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Russia Is Still Doping, German Documentary Claims

Russian Sports Minister Vitaly Mutko speaks to the media during a news conference. Maxim Shemetov / Reuters

Russia has not done as much to solve its doping problems as it would like the world to believe, a documentary by the German broadcaster ARD/WDR said late Wednesday.

Moscow has been battling allegations of widespread, state sponsored use of performance enhancing drugs during Olympic Games in London and Sochi.

But the documentary by ARD/WDR said Russian Sports Minister Vitaly Mutko had been directly involved in a cover-up scheme. It also said several supposedly suspended staff continue to work with Russian athletes, according to an English-language transcript of the documentary seen by The Moscow Times.

The documentary, “Doping Secret: Showdown for Russia,” is the second installment of an investigation into Russian doping. It showed footage and witness testimonials that it said proved that race-walking coach Viktor Chegin was still involved in training athletes.

On Thursday, Mutko denied that Chegin continues to train athletes in an official capacity. “Chegin does not train — he is a specialist with vast experience and has thousands of disciples … but, officially, he never works,” Mutko said, the TASS news agency reported.

Chegin was handed a lifetime ban by the Russian Athletics Federation in March for breaking anti-doping rules.

The documentary also showed footage of another coach, Yury Gordeyev, continuing to work with athletes after he was suspended for handing out banned substances.

The film showed email correspondence supposedly proving that Mutko, the sports minister, had personally obstructed the release of a positive doping test involving a football player from the Russian Premier League.

Mutko said Thursday that he remains unconvinced by the evidence presented in the documentary, TASS reported.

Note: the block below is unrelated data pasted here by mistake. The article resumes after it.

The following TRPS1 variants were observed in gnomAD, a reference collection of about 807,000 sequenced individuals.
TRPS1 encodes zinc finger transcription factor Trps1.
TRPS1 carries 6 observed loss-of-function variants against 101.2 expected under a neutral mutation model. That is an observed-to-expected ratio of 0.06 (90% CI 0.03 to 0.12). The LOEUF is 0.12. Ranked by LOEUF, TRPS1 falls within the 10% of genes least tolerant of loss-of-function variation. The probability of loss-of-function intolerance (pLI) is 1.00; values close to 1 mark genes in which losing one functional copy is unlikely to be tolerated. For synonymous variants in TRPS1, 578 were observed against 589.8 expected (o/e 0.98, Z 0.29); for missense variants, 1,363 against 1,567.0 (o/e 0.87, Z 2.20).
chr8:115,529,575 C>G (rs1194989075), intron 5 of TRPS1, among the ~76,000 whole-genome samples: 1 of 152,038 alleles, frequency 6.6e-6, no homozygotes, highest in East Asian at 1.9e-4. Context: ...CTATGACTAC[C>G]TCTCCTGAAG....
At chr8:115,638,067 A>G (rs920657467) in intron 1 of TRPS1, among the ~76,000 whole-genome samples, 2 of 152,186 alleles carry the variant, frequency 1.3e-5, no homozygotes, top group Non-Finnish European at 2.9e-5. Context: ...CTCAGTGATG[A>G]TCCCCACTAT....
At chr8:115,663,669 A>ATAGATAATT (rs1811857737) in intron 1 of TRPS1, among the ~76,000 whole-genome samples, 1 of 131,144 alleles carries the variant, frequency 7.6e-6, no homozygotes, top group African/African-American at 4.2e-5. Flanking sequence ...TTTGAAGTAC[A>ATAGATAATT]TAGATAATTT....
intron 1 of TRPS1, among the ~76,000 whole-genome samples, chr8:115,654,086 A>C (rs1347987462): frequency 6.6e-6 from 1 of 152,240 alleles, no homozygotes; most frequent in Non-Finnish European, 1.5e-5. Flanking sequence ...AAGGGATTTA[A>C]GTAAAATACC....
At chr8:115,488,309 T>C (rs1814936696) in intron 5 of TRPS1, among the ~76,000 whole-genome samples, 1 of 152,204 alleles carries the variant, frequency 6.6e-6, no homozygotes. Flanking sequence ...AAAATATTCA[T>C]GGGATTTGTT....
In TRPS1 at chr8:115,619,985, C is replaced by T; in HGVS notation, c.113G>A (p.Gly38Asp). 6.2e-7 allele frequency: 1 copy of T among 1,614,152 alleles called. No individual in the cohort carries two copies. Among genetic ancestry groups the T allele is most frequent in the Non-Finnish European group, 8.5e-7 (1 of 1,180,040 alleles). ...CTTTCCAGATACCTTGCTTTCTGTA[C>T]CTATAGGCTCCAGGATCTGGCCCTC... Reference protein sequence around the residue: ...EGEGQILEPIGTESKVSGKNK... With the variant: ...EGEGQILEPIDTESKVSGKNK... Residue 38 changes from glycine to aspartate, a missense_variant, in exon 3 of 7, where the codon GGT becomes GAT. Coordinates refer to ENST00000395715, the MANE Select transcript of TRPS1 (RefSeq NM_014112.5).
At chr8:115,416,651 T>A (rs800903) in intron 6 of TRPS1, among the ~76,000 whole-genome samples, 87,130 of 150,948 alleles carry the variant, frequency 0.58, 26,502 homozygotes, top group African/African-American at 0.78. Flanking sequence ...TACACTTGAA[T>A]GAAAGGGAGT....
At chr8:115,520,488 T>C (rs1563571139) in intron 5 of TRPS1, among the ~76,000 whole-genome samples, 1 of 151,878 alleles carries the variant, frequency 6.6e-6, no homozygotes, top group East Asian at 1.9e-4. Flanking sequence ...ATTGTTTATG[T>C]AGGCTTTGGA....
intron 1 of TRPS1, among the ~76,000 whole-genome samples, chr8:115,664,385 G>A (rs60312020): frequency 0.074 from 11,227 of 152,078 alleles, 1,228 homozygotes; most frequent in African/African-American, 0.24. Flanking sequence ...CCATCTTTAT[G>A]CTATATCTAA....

The sports minister has consistently denied allegations of a state-sponsored doping program.

According to the documentary, the International Olympic Committee (IOC) is being lenient with Russia ahead of this year’s Games in Rio de Janeiro in Brazil.

“Behind the scenes, the IOC leadership is still trying to help Russia to be allowed to compete at the Olympics,” the filmmakers said at the close of the documentary’s broadcast on Wednesday. “Who can still believe the sports officials’ fairytale about clean sport?”

The first installment of ARD’s investigation, titled “Secret Doping Dossier: How Russia Produces Its Winners,” was released in December 2014. It sparked an explosive report by the World Anti-Doping Agency (WADA), which has resulted in a blanket suspension of Russian track and field athletes from international competition.

The ban is set to be reviewed by the International Association of Athletics Federations (IAAF) on June 17.

Speaking ahead of Wednesday’s broadcast, Mutko said the filmmakers were attempting to influence the IAAF’s decision.

"The aim of this film is obvious: to influence the committee on the reinstatement of Russian athletics on the eve of its meeting," he was quoted as saying by the Interfax news agency.

Kremlin spokesman Dmitry Peskov said on Wednesday that all unfounded allegations would be taken as “absolute slander.”

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